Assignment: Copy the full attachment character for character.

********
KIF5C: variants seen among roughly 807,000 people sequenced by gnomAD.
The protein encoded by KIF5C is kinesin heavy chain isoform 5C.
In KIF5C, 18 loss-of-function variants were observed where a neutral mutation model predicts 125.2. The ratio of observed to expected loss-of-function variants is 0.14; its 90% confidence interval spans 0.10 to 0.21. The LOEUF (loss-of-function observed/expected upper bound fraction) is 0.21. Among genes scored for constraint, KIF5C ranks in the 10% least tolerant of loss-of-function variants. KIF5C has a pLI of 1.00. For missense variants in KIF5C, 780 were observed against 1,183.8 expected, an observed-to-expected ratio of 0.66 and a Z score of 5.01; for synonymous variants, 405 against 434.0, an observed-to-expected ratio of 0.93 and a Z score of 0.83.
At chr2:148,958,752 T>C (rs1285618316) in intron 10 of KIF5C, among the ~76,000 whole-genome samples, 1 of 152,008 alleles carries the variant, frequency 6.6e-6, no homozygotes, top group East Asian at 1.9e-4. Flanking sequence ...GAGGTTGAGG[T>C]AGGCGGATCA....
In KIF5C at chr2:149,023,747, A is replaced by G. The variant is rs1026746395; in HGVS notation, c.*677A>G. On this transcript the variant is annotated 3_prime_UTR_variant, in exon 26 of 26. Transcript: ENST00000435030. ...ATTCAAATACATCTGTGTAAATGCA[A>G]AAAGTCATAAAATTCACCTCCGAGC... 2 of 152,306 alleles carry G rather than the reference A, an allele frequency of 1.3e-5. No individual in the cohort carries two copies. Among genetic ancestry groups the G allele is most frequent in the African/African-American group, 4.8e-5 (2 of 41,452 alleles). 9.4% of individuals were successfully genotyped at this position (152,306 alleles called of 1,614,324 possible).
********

KIF5C: variants seen among roughly 807,000 people sequenced by gnomAD.
The protein encoded by KIF5C is kinesin heavy chain isoform 5C.
In KIF5C, 18 loss-of-function variants were observed where a neutral mutation model predicts 125.2. The ratio of observed to expected loss-of-function variants is 0.14; its 90% confidence interval spans 0.10 to 0.21. The LOEUF (loss-of-function observed/expected upper bound fraction) is 0.21. Among genes scored for constraint, KIF5C ranks in the 10% least tolerant of loss-of-function variants. KIF5C has a pLI of 1.00. For missense variants in KIF5C, 780 were observed against 1,183.8 expected, an observed-to-expected ratio of 0.66 and a Z score of 5.01; for synonymous variants, 405 against 434.0, an observed-to-expected ratio of 0.93 and a Z score of 0.83.
At chr2:148,958,752 T>C (rs1285618316) in intron 10 of KIF5C, among the ~76,000 whole-genome samples, 1 of 152,008 alleles carries the variant, frequency 6.6e-6, no homozygotes, top group East Asian at 1.9e-4. Flanking sequence ...GAGGTTGAGG[T>C]AGGCGGATCA....
In KIF5C at chr2:149,023,747, A is replaced by G. The variant is rs1026746395; in HGVS notation, c.*677A>G. On this transcript the variant is annotated 3_prime_UTR_variant, in exon 26 of 26. Transcript: ENST00000435030. ...ATTCAAATACATCTGTGTAAATGCA[A>G]AAAGTCATAAAATTCACCTCCGAGC... 2 of 152,306 alleles carry G rather than the reference A, an allele frequency of 1.3e-5. No individual in the cohort carries two copies. Among genetic ancestry groups the G allele is most frequent in the African/African-American group, 4.8e-5 (2 of 41,452 alleles). 9.4% of individuals were successfully genotyped at this position (152,306 alleles called of 1,614,324 possible).